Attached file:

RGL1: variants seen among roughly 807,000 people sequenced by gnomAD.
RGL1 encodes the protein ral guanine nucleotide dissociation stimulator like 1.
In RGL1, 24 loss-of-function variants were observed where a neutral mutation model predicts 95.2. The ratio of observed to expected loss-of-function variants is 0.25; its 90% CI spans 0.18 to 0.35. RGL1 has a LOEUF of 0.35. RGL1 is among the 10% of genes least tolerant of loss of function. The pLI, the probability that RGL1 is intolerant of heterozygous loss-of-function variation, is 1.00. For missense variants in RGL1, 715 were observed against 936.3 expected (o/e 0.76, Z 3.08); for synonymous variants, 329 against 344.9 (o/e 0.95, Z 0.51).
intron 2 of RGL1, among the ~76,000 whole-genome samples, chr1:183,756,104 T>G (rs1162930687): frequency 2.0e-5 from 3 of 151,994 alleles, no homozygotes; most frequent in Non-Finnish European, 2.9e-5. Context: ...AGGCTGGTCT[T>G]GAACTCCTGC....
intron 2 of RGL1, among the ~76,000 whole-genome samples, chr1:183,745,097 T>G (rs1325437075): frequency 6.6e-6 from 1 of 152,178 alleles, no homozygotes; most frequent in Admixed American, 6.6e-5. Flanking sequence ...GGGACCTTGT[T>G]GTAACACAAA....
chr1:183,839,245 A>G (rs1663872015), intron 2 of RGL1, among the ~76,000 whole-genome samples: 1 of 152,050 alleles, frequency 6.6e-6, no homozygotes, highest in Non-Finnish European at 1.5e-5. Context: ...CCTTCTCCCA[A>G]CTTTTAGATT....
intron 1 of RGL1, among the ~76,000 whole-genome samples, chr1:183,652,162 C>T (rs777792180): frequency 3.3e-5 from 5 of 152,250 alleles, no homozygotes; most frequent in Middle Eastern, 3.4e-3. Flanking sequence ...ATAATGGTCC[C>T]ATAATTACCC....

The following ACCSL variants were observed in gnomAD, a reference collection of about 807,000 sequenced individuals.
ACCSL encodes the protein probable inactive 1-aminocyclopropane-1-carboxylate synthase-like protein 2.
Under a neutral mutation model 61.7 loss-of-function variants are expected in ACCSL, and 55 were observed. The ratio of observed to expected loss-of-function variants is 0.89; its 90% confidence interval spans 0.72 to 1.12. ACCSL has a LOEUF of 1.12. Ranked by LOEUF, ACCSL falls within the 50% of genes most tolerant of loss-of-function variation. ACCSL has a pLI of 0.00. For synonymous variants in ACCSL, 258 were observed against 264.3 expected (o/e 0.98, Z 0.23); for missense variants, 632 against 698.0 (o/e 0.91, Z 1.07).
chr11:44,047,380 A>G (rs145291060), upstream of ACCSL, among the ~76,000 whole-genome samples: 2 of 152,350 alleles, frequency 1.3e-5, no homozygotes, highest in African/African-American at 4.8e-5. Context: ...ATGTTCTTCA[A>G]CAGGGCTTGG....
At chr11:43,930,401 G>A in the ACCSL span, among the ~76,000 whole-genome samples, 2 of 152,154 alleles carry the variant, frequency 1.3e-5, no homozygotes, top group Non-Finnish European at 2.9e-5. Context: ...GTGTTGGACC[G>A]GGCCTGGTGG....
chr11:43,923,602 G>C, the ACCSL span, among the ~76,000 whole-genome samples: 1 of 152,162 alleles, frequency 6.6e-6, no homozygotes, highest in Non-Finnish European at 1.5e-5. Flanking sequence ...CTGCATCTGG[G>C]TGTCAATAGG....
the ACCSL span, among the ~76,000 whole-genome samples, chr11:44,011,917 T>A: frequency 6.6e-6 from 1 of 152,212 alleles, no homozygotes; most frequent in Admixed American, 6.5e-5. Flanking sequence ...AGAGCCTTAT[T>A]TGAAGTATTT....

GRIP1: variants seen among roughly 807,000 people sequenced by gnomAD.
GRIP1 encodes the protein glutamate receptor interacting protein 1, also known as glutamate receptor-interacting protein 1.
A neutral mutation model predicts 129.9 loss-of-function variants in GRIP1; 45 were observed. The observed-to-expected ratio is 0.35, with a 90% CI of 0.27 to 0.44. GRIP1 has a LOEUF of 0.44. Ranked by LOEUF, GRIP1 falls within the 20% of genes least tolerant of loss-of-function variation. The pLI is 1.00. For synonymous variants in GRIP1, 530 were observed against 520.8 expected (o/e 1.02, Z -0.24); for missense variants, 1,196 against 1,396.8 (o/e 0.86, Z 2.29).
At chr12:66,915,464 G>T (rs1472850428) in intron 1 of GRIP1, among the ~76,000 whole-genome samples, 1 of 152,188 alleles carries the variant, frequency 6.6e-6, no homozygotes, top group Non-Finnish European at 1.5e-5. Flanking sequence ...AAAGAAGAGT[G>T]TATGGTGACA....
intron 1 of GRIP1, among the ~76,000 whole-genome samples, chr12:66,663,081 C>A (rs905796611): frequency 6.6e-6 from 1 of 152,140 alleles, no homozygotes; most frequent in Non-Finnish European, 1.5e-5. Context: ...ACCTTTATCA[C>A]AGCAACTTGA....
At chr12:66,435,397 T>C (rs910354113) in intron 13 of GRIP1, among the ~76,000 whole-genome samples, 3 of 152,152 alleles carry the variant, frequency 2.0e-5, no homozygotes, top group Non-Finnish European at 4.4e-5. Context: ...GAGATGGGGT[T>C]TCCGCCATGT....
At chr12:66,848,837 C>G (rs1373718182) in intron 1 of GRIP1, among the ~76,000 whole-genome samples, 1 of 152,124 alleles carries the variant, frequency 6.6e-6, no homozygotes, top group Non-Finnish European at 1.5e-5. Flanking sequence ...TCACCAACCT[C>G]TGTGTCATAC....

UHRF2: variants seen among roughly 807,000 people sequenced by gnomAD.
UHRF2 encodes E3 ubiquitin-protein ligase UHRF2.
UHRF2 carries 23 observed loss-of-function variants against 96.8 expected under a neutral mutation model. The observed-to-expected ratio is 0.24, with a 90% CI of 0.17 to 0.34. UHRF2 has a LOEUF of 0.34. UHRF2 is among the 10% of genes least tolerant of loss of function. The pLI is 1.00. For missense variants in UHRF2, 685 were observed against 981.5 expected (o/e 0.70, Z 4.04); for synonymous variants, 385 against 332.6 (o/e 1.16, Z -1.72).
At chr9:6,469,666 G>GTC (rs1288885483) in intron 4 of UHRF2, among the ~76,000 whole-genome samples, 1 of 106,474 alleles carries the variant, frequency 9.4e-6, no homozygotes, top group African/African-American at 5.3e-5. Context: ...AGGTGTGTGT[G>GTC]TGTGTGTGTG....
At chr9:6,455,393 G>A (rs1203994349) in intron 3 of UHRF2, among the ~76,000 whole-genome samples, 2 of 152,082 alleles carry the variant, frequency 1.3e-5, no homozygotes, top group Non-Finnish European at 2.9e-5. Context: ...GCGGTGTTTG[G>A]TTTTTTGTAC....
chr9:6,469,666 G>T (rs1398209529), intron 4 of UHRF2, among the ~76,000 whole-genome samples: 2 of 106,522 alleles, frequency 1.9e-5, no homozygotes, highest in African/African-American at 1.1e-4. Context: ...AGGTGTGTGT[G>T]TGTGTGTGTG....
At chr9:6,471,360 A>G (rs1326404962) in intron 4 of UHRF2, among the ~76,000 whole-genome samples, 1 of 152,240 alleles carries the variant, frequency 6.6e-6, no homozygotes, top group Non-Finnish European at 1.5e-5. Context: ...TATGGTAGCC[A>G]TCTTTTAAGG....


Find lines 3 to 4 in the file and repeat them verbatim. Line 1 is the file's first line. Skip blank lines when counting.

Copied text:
In RGL1, 24 loss-of-function variants were observed where a neutral mutation model predicts 95.2. The ratio of observed to expected loss-of-function variants is 0.25; its 90% CI spans 0.18 to 0.35. RGL1 has a LOEUF of 0.35. RGL1 is among the 10% of genes least tolerant of loss of function. The pLI, the probability that RGL1 is intolerant of heterozygous loss-of-function variation, is 1.00. For missense variants in RGL1, 715 were observed against 936.3 expected (o/e 0.76, Z 3.08); for synonymous variants, 329 against 344.9 (o/e 0.95, Z 0.51).
intron 2 of RGL1, among the ~76,000 whole-genome samples, chr1:183,756,104 T>G (rs1162930687): frequency 2.0e-5 from 3 of 151,994 alleles, no homozygotes; most frequent in Non-Finnish European, 2.9e-5. Context: ...AGGCTGGTCT[T>G]GAACTCCTGC....